An Alternative Treatment for Fibroids Your Gynecologist Won't Tell You About

When my gynecologist suspected that I had fibroids and that I would need a hysterectomy at some point, I started fainting. I'm that way. The thought of being cut open makes me woozy and I start going down. After the nurse put a cold cloth on my head and some juice I started feeling better.

I had been having long heavy periods for the past few years. The periods became heavier over a long period of time so gradually that I got used to it, though I did recall at one time my periods were rather light. What brought me in finally was a really bad cough that made it hard for me to hold in my pee when I coughed. I was worried that my coughing threw something out of whack, a fairly unlikely scenario since I'm in good shape especially in my stomach region. The gynecologist didn't know for certain that I had fibroids, no one else had ever felt them before. Of course, it could've been a cancerous mass, but she didn't downplayed that probably to prevent me from fainting again.

She scheduled me for an ultrasound, but said the hysterectomy would get rid of everything. If I were to get a total hysterectomy, I wouldn't have to worry about uterine or ovarian cancer and those periods would be long gone. She had done several before and this would help her complete the remodel on her house. I asked about other alternatives - myomectomy and cryosurgery. To her, both of these would end up with my having a hysterectomy. I remember that Condoleeza Rice (Bush II's Secretary of State) had an alternative treatment. My doctor mentioned briefly that there is such a thing as Uterine Fibroid Embolization, but that there are a ton of complications and she wouldn't be able to do it, but a radiologist would. She also said that it wouldn't work well, and she (or someone else) would end up doing the hysterectomy anyway.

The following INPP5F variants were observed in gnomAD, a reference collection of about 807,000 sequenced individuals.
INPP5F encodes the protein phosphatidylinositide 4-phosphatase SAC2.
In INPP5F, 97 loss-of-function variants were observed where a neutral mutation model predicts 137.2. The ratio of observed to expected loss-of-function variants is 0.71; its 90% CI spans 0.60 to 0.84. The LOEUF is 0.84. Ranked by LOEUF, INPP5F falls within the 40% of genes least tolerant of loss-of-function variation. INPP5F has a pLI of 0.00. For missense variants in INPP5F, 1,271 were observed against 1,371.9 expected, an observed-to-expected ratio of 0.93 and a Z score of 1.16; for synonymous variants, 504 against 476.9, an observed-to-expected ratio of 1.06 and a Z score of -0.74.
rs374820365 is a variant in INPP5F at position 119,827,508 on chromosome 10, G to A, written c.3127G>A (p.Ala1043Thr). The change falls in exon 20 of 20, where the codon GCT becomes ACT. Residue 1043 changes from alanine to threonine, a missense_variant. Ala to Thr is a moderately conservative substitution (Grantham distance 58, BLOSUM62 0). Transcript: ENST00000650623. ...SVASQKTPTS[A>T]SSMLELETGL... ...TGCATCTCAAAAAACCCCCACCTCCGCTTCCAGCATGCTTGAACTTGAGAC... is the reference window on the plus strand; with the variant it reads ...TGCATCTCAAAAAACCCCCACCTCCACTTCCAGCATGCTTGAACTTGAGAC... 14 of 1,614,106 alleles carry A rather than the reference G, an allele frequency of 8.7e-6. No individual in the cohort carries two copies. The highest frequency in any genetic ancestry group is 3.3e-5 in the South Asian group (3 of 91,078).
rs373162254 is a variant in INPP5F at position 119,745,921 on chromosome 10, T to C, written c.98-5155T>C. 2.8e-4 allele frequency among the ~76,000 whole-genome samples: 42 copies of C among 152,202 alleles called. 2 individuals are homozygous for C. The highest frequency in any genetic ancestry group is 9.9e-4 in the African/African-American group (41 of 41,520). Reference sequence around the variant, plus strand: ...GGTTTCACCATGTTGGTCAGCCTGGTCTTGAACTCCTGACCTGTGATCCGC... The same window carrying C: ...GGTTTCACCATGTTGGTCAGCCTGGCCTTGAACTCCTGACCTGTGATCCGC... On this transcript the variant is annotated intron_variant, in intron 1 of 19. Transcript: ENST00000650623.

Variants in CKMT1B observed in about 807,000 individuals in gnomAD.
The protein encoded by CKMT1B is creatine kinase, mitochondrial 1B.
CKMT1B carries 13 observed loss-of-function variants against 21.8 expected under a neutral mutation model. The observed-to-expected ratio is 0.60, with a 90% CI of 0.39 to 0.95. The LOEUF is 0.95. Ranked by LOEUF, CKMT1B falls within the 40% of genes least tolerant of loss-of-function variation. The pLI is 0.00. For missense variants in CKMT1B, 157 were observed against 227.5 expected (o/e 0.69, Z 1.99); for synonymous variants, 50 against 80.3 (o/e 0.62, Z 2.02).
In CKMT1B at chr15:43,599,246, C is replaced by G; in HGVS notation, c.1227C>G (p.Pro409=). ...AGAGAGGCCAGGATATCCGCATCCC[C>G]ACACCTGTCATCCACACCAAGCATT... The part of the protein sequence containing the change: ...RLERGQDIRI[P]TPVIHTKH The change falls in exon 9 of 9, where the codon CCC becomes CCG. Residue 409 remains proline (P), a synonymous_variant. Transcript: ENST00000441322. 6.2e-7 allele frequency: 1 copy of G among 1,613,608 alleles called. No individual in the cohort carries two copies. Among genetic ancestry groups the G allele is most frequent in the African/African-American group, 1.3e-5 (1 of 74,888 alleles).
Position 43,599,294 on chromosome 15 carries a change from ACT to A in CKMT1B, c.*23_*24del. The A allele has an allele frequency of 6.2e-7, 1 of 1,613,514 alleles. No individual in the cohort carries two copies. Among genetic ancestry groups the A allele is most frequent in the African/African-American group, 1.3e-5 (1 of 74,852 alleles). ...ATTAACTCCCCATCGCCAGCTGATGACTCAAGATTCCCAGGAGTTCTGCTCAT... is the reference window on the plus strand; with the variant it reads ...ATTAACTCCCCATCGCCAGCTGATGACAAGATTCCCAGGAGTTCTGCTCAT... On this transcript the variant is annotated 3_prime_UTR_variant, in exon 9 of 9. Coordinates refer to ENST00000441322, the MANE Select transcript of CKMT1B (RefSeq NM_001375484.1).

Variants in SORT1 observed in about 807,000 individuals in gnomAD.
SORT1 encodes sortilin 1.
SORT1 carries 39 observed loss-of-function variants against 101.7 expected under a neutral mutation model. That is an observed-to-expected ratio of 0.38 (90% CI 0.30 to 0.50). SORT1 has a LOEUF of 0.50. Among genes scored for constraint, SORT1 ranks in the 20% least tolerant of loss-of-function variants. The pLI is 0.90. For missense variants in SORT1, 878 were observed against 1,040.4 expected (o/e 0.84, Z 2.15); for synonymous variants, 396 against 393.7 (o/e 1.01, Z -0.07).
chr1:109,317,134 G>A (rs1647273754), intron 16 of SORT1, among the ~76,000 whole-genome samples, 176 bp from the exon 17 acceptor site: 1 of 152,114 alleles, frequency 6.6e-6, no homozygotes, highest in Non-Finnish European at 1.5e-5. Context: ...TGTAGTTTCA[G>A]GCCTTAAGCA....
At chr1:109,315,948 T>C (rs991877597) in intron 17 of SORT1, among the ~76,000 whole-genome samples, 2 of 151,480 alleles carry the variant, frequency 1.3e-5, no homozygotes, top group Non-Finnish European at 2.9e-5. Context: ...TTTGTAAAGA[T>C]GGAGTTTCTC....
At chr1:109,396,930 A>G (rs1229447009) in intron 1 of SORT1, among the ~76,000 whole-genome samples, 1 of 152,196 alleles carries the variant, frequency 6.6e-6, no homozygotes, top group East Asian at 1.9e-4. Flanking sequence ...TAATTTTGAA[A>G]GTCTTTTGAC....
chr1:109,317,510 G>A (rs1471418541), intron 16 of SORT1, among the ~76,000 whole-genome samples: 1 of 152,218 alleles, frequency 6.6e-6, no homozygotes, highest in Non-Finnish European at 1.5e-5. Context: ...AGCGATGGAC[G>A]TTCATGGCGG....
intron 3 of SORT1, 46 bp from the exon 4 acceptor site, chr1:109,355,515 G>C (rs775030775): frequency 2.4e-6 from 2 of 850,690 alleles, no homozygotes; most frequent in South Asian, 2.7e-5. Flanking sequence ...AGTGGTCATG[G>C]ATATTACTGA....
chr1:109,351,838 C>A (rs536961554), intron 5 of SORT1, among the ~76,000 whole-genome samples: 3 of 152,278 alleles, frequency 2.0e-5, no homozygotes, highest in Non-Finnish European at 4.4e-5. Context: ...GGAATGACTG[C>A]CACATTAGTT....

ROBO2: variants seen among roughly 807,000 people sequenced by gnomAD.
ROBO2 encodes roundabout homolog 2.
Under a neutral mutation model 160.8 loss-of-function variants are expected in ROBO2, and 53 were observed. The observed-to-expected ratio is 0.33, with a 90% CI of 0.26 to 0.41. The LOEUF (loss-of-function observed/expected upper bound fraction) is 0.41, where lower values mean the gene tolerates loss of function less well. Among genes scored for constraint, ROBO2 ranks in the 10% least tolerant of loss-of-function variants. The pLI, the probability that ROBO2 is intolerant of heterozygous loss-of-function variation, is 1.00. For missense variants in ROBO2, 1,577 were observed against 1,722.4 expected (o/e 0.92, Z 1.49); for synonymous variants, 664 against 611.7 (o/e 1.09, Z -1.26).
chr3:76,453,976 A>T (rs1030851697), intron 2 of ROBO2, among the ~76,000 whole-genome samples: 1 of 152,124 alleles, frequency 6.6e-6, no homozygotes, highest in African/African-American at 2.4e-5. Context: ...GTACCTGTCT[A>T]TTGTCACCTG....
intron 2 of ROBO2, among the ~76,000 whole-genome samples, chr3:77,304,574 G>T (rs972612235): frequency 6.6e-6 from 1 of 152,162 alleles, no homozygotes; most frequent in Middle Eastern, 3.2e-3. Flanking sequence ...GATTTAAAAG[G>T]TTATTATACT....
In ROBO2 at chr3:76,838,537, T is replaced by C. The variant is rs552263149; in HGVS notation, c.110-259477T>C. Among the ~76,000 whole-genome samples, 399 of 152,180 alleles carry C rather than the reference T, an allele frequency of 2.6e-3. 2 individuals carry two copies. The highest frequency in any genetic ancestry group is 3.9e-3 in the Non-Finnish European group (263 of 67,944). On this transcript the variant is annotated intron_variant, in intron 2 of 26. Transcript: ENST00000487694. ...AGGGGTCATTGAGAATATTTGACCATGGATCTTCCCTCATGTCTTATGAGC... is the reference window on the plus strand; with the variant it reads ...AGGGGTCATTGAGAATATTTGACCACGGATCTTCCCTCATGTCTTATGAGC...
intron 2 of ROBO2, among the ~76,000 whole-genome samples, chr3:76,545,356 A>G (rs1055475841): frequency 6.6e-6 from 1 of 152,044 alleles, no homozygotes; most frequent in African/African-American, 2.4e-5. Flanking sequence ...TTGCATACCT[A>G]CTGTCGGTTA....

I drove home from my doctor's office scared and angry. If the worst happened - cancer, I would get a hysterectomy, but she would not be the one doing it. I really didn't want to get a hysterectomy, especially a total hysterectomy. I remembered that my doctor said that she usually starts the surgery intending just to take out what's necessary, but then realizes that it's easier for her to take out everything. That frightened me. This is major surgery. True, she had done well over a hundred of these, but she wasn't nimble fingered enough to take out only what was needed?

Of course, there were complications with myomectomy, cryosurgery and uterine fibroid embolization. However, with a hysterectomy, the recovery time is up to 8 weeks, and depending on how much is taken out, your vagina could be shortened, the sutures could come undone, and your other organs fill in the space where the uterus had been. The uterus was what helped keep your bladder and colon apart, and now they're right on top of each other. This seemed like cutting off a leg over a broken toe. "Well, at least the toe doesn't hurt anymore." Of course, if I had cancer then I would do what was needed to save my life, but removing an organ and then some just to have lighter or no periods? Drastic. Plus, I'll be honest, I'm a sexual person and I have terrific birth control (IUD), I didn't want all those natural hormones taken away that fuel my sex drive.

The more I thought about this the angrier I got thinking about the gynecologist. She said hysterectomies were really easy to do, just snip and snap and her record was stellar. Symptoms? Sure, there are symptoms, but hey, you won't have a period anymore if you have a total hysterectomy.